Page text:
There’s an understandable tendency in circumstances like this to frame the developments in the context of the bigger picture, or the personal effect this news might have on its audience. Questions like ,“How did this happen?”, “What comes next?”, and “What does this mean for the rest of the world?” are at the forefront of the minds of many, and it makes sense that they are what much of the media coverage choses to focus on. But they’re not what sticks in my mind.
What sticks in my mind are the images of Kabul’s airport.
Thousands flocking an airport completely ill-equipped to deal with the chaotic situation that the withdrawal of American and other allied troops has created. Hundreds frantically chasing planes down the runaway as they prepare to take off–some even clinging to the outside in a desperate attempt to flee by any means necessary, several even dying because of their attempts to get away.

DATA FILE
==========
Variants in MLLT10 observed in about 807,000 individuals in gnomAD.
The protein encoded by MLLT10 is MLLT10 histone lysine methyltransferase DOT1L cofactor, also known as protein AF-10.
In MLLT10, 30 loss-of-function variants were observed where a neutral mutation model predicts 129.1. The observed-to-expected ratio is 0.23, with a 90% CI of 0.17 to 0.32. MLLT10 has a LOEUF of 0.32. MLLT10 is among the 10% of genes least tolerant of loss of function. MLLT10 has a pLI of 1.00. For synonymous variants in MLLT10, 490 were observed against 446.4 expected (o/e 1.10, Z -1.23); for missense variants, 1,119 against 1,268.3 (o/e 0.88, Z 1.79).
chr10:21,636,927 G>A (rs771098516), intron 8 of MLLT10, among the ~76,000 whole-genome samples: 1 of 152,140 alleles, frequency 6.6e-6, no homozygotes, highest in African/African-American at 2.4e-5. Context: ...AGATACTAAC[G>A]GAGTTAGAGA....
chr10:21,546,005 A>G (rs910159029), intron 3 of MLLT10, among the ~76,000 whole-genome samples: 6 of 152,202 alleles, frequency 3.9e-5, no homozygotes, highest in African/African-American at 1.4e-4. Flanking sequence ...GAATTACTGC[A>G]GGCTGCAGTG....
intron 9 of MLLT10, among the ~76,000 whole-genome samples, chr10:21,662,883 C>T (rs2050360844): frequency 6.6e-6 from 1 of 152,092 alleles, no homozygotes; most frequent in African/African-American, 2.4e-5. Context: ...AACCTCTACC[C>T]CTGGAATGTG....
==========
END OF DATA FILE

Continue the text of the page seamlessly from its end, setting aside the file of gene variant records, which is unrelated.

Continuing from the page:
— Aśvaka – آسواکا News Agency (@AsvakaNews) August 17, 2021
Even beyond the Afghan capital’s airport, what sticks in my mind is the fear and uncertainty espoused by citizens. Women, worried that their freedoms will be restricted by the new ruling powers of the Taliban, who openly enforce a strict, fundamentalist interpretation of Islamic law which curtails women’s rights as national policy. Youth, whose parents have died fighting against a potential Taliban takeover, worried about what the future may hold. Those who worked with the American troops or U S citizens situated in the area, worried they may be punished or even executed as a result.
The stories of this chaos have rightly been labelled as tragic, heartbreaking and disturbing by those reporting on them, but when I find myself staring at them, or reading the stories, I find them to be something else.
They are familiar.